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Energy Harvesting, Internet of Things and Sustainability: A Fascinating Trio

Energy Harvesting, Internet of Things and Sustainability: A Fascinating Trio

by Lethy Krishnan Jagadamma

The energy trilemma describes the difficulty in achieving a coherent balance of clean, affordable, and secure energy. Improvements in one factor in the triangle distorts the other components. In this blog post, I explore how ‘smart technologies’, connected by the internet and powered by new ambient energy harvesting devices, can be vital to overcoming the energy trilemma and to achieving energy sustainability.

What now? Reflections from a climate activist on COP26

What now? Reflections from a climate activist on COP26

by Léa Weimann

The COP26 has been a much-anticipated conference coined as humanity’s “last best chance” to limit global warming to 1.5°C and keep the ambition of the Paris Agreement alive. It has been five years since the Paris Agreement. Climate-Change-related weather events and impacts around the world are accelerating in frequency and severity. The global trajectory of CO2 emissions continues to be on the rise and so is climate anxiety, especially in young people and fellow activists such as myself.

Sustainable energy security, in whose interest? The case of Democratic Republic of Congo.

Sustainable energy security, in whose interest? The case of Democratic Republic of Congo.

by Ifesinachi Okafor-Yarwood and Rukonge Sospeter Muhongo

Climate adaptation and mitigation initiatives have driven up demand for rare minerals. Over 3 billion tons of rare minerals will be needed to achieve the global goal of reducing emissions to net-zero. A key site of extraction of these minerals is Sub-Saharan Africa. Will these regions acquire a share in this mineral boom or will the historical exploitation of these communities continue under the guise of supporting the ‘Green Transition’?

The Flame Towers of Baku: new building, old symbol?

The Flame Towers of Baku: new building, old symbol?

by Leyla Sayfutdinova and Turning oil into stone: oil legacies in the narratives of urban continuity and change in Baku, Azerbaijan

Since their construction in 2013, debates on whether the Flame Towers are ‘beautiful’ or ‘ugly’, whether they deserve to be a symbol of Baku or not, whether they are intended for ‘tourists’ or the ‘locals’ have been ongoing. This post places the towers within the context of Baku and Azerbaijan’s local and national identities, exploring the importance of fire imagery and the modern connection of these ideas to the oil industry.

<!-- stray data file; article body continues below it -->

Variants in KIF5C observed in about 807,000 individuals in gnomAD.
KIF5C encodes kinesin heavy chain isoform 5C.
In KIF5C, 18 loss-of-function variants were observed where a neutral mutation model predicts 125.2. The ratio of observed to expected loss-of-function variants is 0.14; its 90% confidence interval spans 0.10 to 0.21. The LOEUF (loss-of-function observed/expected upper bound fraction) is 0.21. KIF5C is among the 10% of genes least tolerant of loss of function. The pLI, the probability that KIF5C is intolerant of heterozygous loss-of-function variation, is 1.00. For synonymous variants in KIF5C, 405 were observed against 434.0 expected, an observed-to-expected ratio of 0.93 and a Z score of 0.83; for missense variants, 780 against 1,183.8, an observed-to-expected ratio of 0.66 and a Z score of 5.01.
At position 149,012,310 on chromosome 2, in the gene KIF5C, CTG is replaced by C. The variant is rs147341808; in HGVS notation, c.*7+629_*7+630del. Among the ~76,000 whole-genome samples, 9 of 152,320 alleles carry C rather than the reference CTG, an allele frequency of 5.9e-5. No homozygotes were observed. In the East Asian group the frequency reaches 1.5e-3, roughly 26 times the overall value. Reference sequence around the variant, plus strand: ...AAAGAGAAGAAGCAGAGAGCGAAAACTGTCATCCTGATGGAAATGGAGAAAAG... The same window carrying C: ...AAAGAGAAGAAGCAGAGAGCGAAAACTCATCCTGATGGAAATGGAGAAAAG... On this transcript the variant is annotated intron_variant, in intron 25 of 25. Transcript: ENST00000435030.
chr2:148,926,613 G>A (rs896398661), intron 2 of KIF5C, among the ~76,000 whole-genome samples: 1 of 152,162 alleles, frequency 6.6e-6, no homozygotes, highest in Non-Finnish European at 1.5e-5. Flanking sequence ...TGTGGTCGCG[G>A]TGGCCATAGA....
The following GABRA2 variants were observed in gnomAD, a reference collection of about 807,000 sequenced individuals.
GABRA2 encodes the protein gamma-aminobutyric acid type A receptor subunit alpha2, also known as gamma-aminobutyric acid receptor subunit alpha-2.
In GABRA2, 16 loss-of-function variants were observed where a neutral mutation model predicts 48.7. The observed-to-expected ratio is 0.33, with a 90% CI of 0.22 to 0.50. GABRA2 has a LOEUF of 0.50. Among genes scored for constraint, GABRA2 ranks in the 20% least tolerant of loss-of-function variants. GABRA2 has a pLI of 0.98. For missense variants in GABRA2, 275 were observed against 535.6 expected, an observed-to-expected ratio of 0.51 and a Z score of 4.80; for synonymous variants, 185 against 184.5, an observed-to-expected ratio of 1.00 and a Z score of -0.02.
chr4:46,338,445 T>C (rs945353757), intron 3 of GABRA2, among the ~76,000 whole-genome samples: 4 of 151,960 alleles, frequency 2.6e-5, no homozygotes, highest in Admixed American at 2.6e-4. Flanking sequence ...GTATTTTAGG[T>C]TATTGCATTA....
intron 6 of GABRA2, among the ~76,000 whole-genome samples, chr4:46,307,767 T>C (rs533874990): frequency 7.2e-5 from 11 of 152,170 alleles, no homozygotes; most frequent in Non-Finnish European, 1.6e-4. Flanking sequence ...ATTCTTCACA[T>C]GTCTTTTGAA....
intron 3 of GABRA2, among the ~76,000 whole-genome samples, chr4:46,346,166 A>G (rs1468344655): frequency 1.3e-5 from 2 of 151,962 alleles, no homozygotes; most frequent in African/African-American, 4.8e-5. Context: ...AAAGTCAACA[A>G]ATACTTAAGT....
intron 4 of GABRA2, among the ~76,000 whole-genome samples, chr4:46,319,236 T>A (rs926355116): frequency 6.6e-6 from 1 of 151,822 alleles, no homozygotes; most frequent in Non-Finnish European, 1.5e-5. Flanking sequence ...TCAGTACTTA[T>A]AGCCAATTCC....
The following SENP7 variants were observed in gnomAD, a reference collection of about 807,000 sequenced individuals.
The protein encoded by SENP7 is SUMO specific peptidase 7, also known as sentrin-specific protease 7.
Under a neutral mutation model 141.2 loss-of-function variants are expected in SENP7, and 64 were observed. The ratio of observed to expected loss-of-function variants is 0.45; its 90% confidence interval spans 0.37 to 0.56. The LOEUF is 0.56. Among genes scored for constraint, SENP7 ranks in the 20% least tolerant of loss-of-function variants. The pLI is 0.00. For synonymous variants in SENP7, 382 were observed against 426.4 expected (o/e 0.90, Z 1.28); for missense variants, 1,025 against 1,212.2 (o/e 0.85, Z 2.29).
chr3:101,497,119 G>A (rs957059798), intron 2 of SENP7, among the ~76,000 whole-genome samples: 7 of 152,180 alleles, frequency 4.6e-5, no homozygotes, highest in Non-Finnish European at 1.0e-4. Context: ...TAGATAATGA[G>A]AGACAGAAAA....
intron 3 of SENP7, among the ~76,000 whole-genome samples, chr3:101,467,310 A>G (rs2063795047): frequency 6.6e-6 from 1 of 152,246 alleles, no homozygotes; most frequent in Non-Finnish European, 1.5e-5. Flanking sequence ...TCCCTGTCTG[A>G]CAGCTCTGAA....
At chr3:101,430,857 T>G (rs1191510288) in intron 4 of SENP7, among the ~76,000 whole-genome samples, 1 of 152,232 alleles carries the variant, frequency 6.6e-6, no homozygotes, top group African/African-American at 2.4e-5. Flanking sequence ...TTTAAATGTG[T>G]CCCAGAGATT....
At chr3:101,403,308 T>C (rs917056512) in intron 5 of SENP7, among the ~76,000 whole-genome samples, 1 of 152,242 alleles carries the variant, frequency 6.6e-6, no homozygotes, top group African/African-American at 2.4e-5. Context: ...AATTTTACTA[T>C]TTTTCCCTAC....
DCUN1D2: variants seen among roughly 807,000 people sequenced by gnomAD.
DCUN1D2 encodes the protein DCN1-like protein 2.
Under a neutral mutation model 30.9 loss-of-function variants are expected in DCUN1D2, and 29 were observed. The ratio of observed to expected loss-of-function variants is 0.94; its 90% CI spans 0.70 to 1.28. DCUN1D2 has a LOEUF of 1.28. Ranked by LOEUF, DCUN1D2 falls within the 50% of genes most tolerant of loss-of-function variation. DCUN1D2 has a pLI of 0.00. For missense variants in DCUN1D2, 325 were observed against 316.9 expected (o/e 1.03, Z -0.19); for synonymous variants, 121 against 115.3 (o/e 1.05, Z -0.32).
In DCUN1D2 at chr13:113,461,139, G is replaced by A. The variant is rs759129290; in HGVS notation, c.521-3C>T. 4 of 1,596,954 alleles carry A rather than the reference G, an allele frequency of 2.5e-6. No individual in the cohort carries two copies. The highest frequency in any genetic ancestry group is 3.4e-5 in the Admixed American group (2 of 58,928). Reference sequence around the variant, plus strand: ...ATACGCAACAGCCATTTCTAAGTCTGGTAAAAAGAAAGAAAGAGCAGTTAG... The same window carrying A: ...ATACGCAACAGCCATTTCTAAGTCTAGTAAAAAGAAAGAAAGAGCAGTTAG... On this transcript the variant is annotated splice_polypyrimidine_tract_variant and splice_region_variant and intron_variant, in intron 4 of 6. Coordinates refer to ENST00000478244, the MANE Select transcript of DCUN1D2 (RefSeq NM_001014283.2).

Natural Gas in the UK, Part 1: Infrastructures & Geopolitics

Natural Gas in the UK, Part 1: Infrastructures & Geopolitics

by Sean Field

In this blog post series, I examine the UK’s natural gas infrastructure, the market dynamics behind rising global natural gas prices, and who will be affected the most by Ofgem’s rate increase. In this part one, I show how the deregulation and financialization of UK natural gas over the last couple of decades has exposed UK consumers to the geopolitics of natural gas pipelines and fluctuations in financial market prices for natural gas. 

Putting Energy at the Centre of Scotland’s History

Putting Energy at the Centre of Scotland’s History

by Ewan Gibbs

Scotland’s relationship with energy generation and related technologies is one fraught with human drama and political struggles. Miles Oglethorpe’s recent two part blog underlined the international significance of Scotland’s diverse energy history and the importance of preserving it. In this post I add to Miles’ important contribution by assessing how energy figures in our understanding of Scotland’s modern history.

Understanding energy: Why are we talking about nuclear energy again?

Understanding energy: Why are we talking about nuclear energy again?

by Andreas Bock Michelsen

Nuclear energy is almost universally feared and reviled, and not without reason. And yet, China has doubled its nuclear capacity since 2014, climate scientists have called for an increase in nuclear power, while the Intergovernmental Panel on Climate Change identifies increased production of nuclear energy as a key element in avoiding global warning. Why is such an obviously dangerous and polluting energy source considered an important element of the green energy transition?

“It has gone full circle” – The role of private forest owners for Swedish energy.

“It has gone full circle” – The role of private forest owners for Swedish energy.

by Linnea Maria Sjögren

For Sweden, with its extensive forest cover, the bioenergy industry has the potential to become one of the most important industries moving forward. Whilst Swedish forestry is considered particularly sustainable – it is problematic to rely on this fragile ecosystem for all future energy needs. A heightened demand for forest derived products can put excessive pressure not only on the climate and local ecosystems, but also on the people to whom the forests bear a particular significance.

Energy: Scotland’s Forgotten Industrial Heritage? Part 2

Energy: Scotland’s Forgotten Industrial Heritage? Part 2

by Miles Oglethorpe

Although the demise of coal can justifiably be blamed on the shift in government support to the nuclear industry, in truth the main challenge it faced was from petroleum. Initially, Scotland’s oil industry was also based on mining. Its geographical centre was just to the west of Edinburgh, not far from where the airport can now be found.

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